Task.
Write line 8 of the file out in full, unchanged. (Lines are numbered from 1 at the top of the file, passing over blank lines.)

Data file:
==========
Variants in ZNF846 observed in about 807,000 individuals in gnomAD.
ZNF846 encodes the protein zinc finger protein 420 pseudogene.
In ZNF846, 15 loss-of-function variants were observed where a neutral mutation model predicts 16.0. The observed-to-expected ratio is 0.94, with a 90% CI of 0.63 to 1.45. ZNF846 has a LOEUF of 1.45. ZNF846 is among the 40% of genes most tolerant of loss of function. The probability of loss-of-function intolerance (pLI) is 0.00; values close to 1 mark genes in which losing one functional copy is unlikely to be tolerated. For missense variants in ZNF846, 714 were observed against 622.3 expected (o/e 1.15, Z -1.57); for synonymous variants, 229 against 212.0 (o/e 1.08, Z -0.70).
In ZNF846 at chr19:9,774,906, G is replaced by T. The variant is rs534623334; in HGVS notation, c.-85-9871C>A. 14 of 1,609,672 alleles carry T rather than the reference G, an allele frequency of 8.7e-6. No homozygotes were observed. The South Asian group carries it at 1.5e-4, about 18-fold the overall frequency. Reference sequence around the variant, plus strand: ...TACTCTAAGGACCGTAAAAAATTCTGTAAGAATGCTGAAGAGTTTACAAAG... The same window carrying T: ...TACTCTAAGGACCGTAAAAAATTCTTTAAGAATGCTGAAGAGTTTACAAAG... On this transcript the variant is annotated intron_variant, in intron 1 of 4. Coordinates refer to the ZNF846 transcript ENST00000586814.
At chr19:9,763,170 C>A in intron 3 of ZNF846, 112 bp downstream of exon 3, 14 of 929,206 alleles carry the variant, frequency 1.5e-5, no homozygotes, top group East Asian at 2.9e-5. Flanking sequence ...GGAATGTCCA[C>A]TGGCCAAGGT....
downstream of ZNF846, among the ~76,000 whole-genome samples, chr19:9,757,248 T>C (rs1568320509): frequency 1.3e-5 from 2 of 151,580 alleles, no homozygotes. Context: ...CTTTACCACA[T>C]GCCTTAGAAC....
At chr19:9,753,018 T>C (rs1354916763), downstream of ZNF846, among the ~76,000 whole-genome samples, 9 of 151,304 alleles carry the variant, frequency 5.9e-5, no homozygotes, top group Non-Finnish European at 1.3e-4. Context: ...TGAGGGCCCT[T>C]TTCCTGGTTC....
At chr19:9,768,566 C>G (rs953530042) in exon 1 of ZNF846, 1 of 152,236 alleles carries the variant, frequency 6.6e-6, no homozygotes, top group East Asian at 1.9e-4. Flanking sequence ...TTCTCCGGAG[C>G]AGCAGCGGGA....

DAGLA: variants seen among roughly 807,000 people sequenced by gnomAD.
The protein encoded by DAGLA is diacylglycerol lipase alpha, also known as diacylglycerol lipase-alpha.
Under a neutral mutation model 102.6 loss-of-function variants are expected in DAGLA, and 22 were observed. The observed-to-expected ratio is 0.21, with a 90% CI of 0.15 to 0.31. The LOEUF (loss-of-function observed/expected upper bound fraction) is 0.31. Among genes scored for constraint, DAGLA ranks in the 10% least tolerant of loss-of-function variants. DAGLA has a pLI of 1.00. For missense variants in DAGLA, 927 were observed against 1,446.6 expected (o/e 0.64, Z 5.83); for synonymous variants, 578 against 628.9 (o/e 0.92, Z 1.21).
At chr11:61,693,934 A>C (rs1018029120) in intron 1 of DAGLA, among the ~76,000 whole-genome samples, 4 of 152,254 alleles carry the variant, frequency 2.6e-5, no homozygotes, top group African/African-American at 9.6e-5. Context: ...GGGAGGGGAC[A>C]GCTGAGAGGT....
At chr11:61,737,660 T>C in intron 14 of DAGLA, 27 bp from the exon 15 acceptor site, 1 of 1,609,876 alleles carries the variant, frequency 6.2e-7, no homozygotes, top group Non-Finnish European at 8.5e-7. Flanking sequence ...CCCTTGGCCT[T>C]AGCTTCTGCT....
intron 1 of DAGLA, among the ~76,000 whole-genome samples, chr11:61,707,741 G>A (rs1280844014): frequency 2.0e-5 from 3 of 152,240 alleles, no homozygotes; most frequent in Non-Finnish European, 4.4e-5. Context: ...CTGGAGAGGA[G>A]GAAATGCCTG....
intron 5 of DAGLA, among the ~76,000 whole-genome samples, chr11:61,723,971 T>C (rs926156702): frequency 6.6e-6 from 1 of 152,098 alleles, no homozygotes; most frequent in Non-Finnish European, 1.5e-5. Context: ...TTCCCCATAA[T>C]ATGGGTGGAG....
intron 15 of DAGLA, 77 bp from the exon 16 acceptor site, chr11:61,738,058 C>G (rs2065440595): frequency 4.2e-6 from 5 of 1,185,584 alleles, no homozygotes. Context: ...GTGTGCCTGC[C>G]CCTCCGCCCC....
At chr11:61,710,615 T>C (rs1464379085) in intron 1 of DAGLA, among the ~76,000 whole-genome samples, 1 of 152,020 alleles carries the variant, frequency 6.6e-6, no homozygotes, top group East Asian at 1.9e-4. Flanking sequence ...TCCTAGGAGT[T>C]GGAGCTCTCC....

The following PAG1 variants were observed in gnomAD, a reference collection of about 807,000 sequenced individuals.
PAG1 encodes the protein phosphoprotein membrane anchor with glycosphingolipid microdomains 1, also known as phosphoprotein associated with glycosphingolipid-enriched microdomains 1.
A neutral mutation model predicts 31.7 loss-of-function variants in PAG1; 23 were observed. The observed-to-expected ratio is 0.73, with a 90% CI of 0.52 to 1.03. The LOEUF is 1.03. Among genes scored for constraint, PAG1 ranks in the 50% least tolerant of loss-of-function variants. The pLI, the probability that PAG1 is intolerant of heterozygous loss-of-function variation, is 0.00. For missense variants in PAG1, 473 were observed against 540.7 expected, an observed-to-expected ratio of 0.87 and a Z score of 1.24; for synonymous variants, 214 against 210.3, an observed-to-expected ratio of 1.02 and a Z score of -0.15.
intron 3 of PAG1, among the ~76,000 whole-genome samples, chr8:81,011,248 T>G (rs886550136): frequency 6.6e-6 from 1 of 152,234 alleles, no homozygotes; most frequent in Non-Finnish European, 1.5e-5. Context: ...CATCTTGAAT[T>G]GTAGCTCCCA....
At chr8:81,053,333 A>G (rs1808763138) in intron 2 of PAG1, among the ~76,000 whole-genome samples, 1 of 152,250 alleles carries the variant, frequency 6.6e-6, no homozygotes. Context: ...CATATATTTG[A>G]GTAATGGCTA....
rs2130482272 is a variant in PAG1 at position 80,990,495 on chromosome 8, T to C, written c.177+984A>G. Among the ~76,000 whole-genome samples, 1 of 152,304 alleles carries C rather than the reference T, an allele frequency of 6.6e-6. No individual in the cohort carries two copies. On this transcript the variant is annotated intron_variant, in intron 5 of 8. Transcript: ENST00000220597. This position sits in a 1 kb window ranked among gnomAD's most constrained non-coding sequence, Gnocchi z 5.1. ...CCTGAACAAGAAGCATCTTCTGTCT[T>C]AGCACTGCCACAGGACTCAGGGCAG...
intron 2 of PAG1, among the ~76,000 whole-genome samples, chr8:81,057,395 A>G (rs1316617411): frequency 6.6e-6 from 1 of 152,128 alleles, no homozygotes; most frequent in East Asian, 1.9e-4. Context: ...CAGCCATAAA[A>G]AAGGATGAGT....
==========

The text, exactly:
At chr19:9,768,566 C>G (rs953530042) in exon 1 of ZNF846, 1 of 152,236 alleles carries the variant, frequency 6.6e-6, no homozygotes, top group East Asian at 1.9e-4. Flanking sequence ...TTCTCCGGAG[C>G]AGCAGCGGGA....